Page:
transport | urbanism | adventures | pontification
I am currently attending the 76th General Convention of the Episcopal Church as a member of the Episcopal Peace Fellowship’s Young Adult Presence. You can read about the advocacy work that the seven other young adults and I are doing here.
New York’s Episcopal Cathedral had its rededication service yesterday [Articles from the New York Times and Episcopal Life Online]. The Cathedral of St. John the Divine is a quick walk from Columbia’s Graduate School of Architecture, Planning and Preservation, and has quite the fascinating architectural history. I visited it a few weeks ago, and despite the large partitions in place for the construction work, it was an impressive space.
This morning, I attended the Episcopal Church’s Service of Repentance for the Sins of Slavery at the African Episcopal Church of St. Thomas. The choir of Trinity Church in Swarthmore was invited to sing as part of the service’s prelude. On Friday, participants engaged in a number of presentations regarding the Episcopal Church’s role in supporting slavery. Even though I couldn’t attend then, today was still a powerful service. The liturgy was a strong call
“to commit ourselves to opposing the sin of racism in personal and public life, and to create communities of liberation and justice.”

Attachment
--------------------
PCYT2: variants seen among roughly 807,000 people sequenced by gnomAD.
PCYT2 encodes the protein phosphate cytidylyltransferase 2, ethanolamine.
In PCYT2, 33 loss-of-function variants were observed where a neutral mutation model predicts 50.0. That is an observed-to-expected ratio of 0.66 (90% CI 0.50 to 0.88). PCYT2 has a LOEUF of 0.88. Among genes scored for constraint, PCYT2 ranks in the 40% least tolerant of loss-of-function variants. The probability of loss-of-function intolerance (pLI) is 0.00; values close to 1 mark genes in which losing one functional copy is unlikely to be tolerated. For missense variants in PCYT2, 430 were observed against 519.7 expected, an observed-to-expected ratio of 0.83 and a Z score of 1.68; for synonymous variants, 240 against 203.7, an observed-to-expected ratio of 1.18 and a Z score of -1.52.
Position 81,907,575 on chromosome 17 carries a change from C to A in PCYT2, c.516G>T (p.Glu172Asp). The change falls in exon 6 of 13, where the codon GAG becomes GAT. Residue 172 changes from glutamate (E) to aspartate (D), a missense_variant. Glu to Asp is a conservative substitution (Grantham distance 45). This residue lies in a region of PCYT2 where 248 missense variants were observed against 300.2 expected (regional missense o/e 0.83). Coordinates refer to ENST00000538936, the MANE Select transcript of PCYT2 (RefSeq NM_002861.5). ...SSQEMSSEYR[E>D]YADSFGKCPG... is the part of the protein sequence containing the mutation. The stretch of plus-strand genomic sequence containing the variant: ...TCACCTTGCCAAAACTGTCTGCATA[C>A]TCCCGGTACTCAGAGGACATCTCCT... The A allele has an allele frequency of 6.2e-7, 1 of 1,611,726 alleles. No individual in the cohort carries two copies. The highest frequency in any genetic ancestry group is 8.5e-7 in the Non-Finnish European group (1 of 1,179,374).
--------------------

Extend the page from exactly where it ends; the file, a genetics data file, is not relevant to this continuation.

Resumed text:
The service focused not only on the institution of slavery, but on how everyday churchgoers have fallen and still do fall prey to the sins of racism, subjugation, neglect, complicity, and arrogance. Presiding Bishop Katharine Jefferts Schori’s sermon was informative and inspirational. She called for the United States to unlearn some of the “myths that underlie our nation’s history” and to “understand the ways in which those myths have kept many in bondage, and confess the ways in which The Episcopal Church has been partner to those myths.” I think it is vital for us to realize that the United States, what many consider at least nominally a Christian nation, has often strayed far from the teachings of Jesus. We must recognize that this country was built on two genocides that our “history” seems to say are acceptable or even noble.
It was good to see some familiar faces at the service, including the Diocese of Los Angeles’ Bishop Talton and Massachusetts State Representative Byron Rushing (whom I last saw opening a time capsule in Roxbury). Representative Rushing has done some great work, and I agree with him that
“We need to talk about slavery into the future as it is alive today. We still need to have an abolitionist’s movement because we have abolished slavery as an economy of chattel but we have not abolished slavery in our culture”
And of course, one of my favorite parts was trying to clap and keep time with the liveliest, most awesome gospel choir I have ever seen (and watching some of the older bishops try to do the same).